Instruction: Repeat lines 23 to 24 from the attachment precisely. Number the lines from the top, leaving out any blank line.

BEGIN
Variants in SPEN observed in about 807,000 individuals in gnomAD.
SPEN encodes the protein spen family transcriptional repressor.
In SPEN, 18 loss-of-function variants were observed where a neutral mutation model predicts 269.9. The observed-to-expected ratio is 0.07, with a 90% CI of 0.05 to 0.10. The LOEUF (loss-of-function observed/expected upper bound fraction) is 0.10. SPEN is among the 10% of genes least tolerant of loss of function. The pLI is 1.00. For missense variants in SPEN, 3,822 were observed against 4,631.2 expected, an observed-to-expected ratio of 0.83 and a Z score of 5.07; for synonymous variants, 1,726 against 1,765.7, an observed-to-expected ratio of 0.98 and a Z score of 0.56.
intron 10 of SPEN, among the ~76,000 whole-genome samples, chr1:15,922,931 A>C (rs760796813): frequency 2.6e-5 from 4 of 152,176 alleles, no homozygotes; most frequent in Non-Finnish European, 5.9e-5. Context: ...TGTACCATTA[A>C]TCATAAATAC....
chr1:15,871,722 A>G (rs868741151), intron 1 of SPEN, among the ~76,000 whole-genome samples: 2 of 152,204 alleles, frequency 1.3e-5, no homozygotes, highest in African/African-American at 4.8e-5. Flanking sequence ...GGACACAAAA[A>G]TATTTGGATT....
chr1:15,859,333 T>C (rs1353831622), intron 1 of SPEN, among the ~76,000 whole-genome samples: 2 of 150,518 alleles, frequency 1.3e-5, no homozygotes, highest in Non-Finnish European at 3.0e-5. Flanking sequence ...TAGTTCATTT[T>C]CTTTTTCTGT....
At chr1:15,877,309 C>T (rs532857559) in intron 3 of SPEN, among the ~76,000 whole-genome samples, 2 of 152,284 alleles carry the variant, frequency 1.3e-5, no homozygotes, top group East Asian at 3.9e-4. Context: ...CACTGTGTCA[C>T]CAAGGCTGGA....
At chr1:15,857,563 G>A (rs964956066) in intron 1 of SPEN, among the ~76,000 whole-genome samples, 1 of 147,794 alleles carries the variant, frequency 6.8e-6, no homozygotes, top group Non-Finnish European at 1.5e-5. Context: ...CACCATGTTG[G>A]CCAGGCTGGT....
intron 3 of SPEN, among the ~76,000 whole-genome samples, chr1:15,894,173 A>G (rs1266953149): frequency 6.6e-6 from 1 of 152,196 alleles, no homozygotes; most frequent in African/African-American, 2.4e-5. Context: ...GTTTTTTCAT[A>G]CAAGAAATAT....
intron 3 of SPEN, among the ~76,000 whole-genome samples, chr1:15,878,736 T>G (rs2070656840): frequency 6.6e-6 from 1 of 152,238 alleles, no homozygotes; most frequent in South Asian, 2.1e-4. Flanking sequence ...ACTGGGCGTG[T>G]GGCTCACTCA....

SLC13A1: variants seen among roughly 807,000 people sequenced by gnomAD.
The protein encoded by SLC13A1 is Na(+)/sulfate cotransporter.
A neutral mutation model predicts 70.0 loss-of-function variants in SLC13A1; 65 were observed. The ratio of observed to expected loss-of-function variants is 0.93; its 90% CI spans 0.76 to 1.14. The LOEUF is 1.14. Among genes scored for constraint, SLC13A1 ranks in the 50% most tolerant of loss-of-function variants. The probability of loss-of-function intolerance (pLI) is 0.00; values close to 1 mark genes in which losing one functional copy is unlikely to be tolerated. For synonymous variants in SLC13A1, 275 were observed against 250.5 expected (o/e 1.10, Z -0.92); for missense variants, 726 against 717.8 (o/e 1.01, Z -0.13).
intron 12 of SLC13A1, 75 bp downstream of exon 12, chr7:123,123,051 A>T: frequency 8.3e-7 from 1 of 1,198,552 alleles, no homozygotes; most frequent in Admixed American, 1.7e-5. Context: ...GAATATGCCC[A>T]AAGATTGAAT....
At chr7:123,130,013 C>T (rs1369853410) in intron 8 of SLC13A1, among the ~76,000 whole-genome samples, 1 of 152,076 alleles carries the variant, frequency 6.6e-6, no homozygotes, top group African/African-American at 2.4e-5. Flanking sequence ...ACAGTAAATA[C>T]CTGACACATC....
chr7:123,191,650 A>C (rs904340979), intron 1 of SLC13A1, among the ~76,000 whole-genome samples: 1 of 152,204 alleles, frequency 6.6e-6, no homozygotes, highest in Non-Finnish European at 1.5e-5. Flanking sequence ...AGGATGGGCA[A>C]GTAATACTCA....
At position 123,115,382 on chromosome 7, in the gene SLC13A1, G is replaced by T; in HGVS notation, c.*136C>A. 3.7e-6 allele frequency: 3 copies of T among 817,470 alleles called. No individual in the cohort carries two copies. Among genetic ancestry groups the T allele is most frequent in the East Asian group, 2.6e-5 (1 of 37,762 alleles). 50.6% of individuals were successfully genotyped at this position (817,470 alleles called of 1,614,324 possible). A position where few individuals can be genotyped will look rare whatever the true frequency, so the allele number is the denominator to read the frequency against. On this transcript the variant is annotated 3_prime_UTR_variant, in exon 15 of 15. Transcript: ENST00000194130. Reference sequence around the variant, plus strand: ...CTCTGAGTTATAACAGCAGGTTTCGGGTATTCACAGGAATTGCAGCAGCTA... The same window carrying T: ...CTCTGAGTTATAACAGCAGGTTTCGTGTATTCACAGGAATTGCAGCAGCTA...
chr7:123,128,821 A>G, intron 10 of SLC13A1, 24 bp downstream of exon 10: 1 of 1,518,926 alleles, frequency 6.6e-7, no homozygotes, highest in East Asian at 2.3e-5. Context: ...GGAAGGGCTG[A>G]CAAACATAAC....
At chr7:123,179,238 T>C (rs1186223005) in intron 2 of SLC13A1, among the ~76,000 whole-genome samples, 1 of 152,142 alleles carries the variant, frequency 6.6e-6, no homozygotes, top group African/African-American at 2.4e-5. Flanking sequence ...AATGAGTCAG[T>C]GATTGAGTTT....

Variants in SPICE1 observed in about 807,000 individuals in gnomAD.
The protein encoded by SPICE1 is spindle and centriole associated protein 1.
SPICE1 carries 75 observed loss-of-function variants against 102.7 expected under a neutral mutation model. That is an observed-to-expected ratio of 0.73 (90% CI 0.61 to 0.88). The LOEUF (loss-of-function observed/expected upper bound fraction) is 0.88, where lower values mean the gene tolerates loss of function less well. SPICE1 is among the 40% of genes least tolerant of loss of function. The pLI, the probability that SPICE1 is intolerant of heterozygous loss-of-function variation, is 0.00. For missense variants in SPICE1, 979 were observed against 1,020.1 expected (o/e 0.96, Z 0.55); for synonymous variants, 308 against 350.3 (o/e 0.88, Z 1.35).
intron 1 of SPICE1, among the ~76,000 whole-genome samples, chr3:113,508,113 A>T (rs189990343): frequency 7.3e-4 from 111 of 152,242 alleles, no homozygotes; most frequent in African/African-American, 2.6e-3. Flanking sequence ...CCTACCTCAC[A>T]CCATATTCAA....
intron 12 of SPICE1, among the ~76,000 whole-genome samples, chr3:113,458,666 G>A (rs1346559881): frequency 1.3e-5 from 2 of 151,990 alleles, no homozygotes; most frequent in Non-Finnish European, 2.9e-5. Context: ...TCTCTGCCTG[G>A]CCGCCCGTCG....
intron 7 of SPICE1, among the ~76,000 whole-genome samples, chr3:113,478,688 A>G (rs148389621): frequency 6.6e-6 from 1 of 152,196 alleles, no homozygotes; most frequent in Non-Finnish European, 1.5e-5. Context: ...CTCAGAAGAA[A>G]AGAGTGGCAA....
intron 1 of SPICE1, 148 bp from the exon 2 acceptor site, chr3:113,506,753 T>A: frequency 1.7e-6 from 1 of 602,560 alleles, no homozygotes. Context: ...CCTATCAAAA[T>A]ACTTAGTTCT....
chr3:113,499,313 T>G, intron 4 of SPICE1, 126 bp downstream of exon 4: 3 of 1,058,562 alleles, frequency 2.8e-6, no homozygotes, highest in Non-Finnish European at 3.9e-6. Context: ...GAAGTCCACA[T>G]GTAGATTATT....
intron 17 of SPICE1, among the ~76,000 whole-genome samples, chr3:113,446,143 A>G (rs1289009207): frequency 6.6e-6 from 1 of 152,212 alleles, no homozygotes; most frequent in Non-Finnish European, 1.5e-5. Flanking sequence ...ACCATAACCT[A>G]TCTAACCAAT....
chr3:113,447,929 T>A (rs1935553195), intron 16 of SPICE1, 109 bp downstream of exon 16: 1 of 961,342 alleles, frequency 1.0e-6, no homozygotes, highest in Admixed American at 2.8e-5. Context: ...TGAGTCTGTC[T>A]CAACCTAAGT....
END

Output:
intron 1 of SPICE1, among the ~76,000 whole-genome samples, chr3:113,508,113 A>T (rs189990343): frequency 7.3e-4 from 111 of 152,242 alleles, no homozygotes; most frequent in African/African-American, 2.6e-3. Flanking sequence ...CCTACCTCAC[A>T]CCATATTCAA....
intron 12 of SPICE1, among the ~76,000 whole-genome samples, chr3:113,458,666 G>A (rs1346559881): frequency 1.3e-5 from 2 of 151,990 alleles, no homozygotes; most frequent in Non-Finnish European, 2.9e-5. Context: ...TCTCTGCCTG[G>A]CCGCCCGTCG....